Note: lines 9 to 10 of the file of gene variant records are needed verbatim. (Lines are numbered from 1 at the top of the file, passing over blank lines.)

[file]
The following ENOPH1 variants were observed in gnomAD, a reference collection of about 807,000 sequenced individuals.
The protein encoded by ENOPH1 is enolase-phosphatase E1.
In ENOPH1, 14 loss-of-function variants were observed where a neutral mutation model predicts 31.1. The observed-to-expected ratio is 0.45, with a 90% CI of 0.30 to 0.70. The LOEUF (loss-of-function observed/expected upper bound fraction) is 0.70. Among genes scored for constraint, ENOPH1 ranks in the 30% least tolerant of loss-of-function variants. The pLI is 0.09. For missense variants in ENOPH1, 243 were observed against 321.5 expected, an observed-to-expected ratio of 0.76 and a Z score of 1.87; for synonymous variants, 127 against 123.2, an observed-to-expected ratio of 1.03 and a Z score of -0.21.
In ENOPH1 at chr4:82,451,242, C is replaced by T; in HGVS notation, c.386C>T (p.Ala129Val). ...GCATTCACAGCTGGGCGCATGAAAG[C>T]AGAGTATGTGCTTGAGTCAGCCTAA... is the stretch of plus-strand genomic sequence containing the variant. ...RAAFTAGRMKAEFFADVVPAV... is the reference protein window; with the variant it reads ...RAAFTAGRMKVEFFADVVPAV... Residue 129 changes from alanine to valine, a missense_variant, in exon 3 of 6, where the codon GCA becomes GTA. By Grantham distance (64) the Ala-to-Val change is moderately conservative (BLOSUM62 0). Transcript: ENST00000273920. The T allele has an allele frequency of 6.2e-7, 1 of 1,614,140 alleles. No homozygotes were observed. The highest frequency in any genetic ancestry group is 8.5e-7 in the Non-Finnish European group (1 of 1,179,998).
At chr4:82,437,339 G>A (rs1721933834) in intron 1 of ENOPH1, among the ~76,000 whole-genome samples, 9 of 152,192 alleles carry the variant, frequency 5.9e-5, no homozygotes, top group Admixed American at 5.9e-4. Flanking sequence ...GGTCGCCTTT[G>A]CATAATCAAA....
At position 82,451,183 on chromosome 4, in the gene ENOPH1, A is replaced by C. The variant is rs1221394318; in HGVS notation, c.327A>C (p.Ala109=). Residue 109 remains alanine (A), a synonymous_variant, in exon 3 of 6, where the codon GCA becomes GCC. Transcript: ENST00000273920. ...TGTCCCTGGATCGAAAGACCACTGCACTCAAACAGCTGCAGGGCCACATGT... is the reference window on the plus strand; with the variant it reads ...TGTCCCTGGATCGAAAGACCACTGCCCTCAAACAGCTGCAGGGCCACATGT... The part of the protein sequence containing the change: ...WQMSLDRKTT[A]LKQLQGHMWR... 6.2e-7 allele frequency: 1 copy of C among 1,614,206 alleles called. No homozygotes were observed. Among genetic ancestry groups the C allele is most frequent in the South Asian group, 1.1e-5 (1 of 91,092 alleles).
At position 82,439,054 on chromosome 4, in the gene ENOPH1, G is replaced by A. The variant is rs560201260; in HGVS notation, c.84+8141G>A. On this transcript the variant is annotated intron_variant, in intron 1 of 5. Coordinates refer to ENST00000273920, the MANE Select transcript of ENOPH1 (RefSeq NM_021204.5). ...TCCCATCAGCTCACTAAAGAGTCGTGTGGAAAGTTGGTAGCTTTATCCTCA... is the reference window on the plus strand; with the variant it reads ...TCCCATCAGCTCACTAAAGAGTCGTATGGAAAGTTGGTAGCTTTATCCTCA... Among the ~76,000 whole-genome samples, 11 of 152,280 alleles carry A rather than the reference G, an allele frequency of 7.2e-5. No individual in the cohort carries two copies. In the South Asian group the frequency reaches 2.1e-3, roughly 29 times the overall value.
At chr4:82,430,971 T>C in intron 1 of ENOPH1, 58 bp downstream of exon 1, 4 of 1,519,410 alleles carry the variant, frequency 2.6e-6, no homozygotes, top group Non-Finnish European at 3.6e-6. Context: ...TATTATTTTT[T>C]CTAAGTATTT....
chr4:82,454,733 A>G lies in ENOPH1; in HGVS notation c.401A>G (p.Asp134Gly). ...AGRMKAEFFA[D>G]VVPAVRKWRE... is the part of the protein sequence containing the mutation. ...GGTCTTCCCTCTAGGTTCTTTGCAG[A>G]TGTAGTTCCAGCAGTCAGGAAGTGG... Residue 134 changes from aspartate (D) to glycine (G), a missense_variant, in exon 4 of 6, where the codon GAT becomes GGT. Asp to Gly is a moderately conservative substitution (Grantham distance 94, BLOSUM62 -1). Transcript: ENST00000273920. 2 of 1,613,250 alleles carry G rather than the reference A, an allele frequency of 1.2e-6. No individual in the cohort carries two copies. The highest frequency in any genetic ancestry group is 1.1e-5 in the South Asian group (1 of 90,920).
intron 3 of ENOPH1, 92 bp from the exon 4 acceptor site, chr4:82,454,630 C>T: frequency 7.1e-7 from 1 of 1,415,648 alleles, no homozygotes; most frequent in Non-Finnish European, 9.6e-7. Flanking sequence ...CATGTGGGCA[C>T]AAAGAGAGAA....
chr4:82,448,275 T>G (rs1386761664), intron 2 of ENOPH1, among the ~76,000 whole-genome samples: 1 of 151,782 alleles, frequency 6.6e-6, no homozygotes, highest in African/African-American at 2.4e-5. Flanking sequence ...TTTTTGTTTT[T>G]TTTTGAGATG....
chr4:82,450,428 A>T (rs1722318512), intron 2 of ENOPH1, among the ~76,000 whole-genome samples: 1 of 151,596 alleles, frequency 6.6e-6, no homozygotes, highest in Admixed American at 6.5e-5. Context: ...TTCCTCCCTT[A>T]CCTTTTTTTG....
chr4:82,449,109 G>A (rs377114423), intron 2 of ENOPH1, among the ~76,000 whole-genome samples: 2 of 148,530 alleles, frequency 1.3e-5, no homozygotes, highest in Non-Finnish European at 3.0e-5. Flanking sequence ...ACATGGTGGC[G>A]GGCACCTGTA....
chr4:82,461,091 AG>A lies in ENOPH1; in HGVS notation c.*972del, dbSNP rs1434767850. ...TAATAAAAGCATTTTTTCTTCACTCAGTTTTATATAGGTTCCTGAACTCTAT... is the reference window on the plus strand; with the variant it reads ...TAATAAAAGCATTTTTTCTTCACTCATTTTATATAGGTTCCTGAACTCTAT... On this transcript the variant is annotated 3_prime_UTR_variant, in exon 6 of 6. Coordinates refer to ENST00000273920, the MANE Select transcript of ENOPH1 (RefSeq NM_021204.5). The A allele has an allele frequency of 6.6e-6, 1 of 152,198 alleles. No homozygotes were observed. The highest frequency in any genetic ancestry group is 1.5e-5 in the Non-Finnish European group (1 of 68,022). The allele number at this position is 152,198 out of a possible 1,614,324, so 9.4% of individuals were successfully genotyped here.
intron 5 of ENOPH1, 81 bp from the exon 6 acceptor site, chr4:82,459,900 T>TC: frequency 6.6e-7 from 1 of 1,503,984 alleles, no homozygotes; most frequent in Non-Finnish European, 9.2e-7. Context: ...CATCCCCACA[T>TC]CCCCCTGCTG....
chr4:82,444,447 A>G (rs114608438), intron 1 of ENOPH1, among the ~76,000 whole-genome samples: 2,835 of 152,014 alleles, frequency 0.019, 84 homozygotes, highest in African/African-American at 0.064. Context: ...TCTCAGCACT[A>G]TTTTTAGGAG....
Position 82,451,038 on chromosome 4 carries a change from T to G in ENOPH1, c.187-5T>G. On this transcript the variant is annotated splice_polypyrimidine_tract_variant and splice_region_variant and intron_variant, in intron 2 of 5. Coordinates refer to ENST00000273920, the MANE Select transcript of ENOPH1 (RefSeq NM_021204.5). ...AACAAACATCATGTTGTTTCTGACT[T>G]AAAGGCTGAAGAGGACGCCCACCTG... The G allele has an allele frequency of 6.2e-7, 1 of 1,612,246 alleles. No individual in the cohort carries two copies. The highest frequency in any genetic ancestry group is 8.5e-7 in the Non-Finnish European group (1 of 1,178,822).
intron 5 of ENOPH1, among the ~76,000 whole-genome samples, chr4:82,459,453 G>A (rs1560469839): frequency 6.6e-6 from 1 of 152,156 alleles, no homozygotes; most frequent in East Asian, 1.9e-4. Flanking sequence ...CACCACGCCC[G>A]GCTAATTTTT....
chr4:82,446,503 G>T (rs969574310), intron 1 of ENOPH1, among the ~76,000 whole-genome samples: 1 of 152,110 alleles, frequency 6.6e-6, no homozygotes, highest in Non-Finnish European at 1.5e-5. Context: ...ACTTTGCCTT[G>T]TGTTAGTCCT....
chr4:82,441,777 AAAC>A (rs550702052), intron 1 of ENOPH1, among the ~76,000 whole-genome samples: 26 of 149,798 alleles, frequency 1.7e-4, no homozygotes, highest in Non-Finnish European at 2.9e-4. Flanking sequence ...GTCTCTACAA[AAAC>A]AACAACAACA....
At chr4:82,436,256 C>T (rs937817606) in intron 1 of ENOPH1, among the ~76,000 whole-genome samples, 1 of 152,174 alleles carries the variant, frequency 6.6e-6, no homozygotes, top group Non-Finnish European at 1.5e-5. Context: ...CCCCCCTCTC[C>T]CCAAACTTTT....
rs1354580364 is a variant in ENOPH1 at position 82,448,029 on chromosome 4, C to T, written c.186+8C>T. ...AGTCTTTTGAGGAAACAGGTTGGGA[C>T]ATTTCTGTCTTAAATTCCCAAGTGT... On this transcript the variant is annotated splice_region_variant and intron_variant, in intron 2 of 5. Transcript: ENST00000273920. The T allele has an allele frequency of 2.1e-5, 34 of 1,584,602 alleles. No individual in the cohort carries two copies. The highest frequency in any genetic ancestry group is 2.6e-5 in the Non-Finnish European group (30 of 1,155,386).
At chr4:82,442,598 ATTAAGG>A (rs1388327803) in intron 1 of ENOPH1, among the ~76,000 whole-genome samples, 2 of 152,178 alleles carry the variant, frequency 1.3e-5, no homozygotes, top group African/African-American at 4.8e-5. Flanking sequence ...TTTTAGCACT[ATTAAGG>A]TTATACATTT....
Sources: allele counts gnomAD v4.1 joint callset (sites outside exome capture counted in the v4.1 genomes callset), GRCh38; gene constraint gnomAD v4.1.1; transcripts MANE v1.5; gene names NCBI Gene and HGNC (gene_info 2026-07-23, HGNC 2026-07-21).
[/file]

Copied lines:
chr4:82,454,733 A>G lies in ENOPH1; in HGVS notation c.401A>G (p.Asp134Gly). ...AGRMKAEFFA[D>G]VVPAVRKWRE... is the part of the protein sequence containing the mutation. ...GGTCTTCCCTCTAGGTTCTTTGCAG[A>G]TGTAGTTCCAGCAGTCAGGAAGTGG... Residue 134 changes from aspartate (D) to glycine (G), a missense_variant, in exon 4 of 6, where the codon GAT becomes GGT. Asp to Gly is a moderately conservative substitution (Grantham distance 94, BLOSUM62 -1). Transcript: ENST00000273920. 2 of 1,613,250 alleles carry G rather than the reference A, an allele frequency of 1.2e-6. No individual in the cohort carries two copies. The highest frequency in any genetic ancestry group is 1.1e-5 in the South Asian group (1 of 90,920).
intron 3 of ENOPH1, 92 bp from the exon 4 acceptor site, chr4:82,454,630 C>T: frequency 7.1e-7 from 1 of 1,415,648 alleles, no homozygotes; most frequent in Non-Finnish European, 9.6e-7. Flanking sequence ...CATGTGGGCA[C>T]AAAGAGAGAA....